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darbwa

Fishing Buddy
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About darbwa

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    Black Bullhead
  • Birthday 11/26/1975

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  • Gender
    Male
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    Tulsa, OK
  • Interests
    SCUBA, fishing, golf, music, canoeing, sailing, boating, anything on the water, warm weather, snowboarding, travel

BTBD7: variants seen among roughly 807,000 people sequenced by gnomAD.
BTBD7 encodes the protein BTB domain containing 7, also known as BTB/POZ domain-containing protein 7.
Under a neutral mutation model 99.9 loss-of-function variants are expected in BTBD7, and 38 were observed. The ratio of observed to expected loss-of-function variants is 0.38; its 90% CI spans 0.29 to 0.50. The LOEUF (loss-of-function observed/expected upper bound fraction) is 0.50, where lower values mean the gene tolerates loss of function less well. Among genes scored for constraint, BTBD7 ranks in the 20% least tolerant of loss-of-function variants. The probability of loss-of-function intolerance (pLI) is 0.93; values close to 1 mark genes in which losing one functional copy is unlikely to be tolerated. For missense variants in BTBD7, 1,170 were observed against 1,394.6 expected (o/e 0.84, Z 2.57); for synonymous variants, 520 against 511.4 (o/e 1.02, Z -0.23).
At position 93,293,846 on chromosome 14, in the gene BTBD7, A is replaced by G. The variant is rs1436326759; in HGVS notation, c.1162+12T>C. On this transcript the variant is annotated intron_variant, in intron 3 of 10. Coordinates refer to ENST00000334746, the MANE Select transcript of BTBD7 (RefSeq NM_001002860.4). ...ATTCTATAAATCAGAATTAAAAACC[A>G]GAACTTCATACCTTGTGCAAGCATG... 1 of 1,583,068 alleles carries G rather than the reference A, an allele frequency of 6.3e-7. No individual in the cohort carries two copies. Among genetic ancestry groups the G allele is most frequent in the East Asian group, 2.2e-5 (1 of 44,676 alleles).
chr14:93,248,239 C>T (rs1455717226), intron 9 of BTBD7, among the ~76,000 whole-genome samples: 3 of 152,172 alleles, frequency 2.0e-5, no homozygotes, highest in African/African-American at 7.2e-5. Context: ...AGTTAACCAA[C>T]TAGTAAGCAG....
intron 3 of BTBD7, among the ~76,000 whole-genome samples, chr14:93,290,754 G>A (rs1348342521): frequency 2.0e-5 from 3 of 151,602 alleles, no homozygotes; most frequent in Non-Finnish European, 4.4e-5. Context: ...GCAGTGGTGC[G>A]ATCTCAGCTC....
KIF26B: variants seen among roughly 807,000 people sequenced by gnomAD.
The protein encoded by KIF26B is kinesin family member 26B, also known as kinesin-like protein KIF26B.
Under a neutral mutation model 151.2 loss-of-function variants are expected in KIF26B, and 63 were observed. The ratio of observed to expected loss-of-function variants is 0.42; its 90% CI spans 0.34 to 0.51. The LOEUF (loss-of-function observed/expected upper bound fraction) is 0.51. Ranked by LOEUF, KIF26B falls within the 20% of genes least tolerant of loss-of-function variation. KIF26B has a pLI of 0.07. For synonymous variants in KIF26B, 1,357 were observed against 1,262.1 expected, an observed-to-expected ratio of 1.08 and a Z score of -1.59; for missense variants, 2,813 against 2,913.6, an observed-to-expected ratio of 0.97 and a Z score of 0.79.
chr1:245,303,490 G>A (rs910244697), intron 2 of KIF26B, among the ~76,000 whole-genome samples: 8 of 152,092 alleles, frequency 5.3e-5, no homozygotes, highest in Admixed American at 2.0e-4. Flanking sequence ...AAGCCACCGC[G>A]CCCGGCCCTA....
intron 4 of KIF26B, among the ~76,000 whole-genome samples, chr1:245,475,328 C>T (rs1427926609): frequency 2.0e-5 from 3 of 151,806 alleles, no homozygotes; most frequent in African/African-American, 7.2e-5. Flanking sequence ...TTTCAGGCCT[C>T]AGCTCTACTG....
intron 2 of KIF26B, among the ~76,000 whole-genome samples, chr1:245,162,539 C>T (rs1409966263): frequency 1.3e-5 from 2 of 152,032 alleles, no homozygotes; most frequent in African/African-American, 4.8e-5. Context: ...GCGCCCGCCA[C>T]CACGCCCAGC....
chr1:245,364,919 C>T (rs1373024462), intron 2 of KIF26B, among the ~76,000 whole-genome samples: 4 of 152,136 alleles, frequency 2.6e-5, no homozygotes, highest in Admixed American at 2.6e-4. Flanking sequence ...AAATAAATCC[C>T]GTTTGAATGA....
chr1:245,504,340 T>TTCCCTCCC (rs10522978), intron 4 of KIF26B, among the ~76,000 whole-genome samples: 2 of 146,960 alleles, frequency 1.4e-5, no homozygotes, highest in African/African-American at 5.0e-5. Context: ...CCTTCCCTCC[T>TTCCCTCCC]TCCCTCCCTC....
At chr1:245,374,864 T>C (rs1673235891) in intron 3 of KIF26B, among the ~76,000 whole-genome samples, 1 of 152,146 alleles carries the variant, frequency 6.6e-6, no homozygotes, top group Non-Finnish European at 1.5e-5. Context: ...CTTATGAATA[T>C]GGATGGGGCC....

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  1. I have to say I am a bit surprised by the unanimous (although an unimpressive 2 of 2) Gasconade nomination. I have never been on the Gasconade, but from what little I have read, I imagined it to be a bit slow and boring in terms of canoeing and scenery. I also thought of it more of a powerboating river which, again, would make the canoeing much less enjoyable. Are your recommendations more based on the fishing potential or am I off in my admittedly ignorant assessment of the river? The Jacks Fork/Current and the Buffalo have proven to be nice rivers for multi day floats while the Kings and Elk rivers have been my single day fishing spots. I have many rivers to cross off my list yet!